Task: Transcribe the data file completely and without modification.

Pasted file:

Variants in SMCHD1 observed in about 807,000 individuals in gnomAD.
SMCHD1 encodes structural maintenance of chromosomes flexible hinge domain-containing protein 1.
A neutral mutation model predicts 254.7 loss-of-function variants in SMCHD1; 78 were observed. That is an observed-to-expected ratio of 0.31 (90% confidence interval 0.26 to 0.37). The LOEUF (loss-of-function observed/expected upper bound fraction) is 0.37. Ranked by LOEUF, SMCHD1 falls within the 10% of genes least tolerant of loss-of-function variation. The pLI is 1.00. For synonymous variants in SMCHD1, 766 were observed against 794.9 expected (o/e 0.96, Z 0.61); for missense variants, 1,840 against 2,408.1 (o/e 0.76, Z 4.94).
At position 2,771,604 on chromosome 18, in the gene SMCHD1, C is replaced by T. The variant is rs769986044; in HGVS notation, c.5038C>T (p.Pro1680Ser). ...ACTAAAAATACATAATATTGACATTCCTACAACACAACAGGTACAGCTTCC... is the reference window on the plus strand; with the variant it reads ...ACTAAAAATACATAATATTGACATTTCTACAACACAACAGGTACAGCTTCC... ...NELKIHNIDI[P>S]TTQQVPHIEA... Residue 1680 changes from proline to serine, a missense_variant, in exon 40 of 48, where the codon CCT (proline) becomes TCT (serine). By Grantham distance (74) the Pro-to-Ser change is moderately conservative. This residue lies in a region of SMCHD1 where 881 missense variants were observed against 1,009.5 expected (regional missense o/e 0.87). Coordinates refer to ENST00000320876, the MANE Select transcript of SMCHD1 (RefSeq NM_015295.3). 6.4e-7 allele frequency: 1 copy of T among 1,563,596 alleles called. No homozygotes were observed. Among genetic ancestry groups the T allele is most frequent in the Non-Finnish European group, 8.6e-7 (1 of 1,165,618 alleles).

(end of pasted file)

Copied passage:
Variants in SMCHD1 observed in about 807,000 individuals in gnomAD.
SMCHD1 encodes structural maintenance of chromosomes flexible hinge domain-containing protein 1.
A neutral mutation model predicts 254.7 loss-of-function variants in SMCHD1; 78 were observed. That is an observed-to-expected ratio of 0.31 (90% confidence interval 0.26 to 0.37). The LOEUF (loss-of-function observed/expected upper bound fraction) is 0.37. Ranked by LOEUF, SMCHD1 falls within the 10% of genes least tolerant of loss-of-function variation. The pLI is 1.00. For synonymous variants in SMCHD1, 766 were observed against 794.9 expected (o/e 0.96, Z 0.61); for missense variants, 1,840 against 2,408.1 (o/e 0.76, Z 4.94).
At position 2,771,604 on chromosome 18, in the gene SMCHD1, C is replaced by T. The variant is rs769986044; in HGVS notation, c.5038C>T (p.Pro1680Ser). ...ACTAAAAATACATAATATTGACATTCCTACAACACAACAGGTACAGCTTCC... is the reference window on the plus strand; with the variant it reads ...ACTAAAAATACATAATATTGACATTTCTACAACACAACAGGTACAGCTTCC... ...NELKIHNIDI[P>S]TTQQVPHIEA... Residue 1680 changes from proline to serine, a missense_variant, in exon 40 of 48, where the codon CCT (proline) becomes TCT (serine). By Grantham distance (74) the Pro-to-Ser change is moderately conservative. This residue lies in a region of SMCHD1 where 881 missense variants were observed against 1,009.5 expected (regional missense o/e 0.87). Coordinates refer to ENST00000320876, the MANE Select transcript of SMCHD1 (RefSeq NM_015295.3). 6.4e-7 allele frequency: 1 copy of T among 1,563,596 alleles called. No homozygotes were observed. Among genetic ancestry groups the T allele is most frequent in the Non-Finnish European group, 8.6e-7 (1 of 1,165,618 alleles).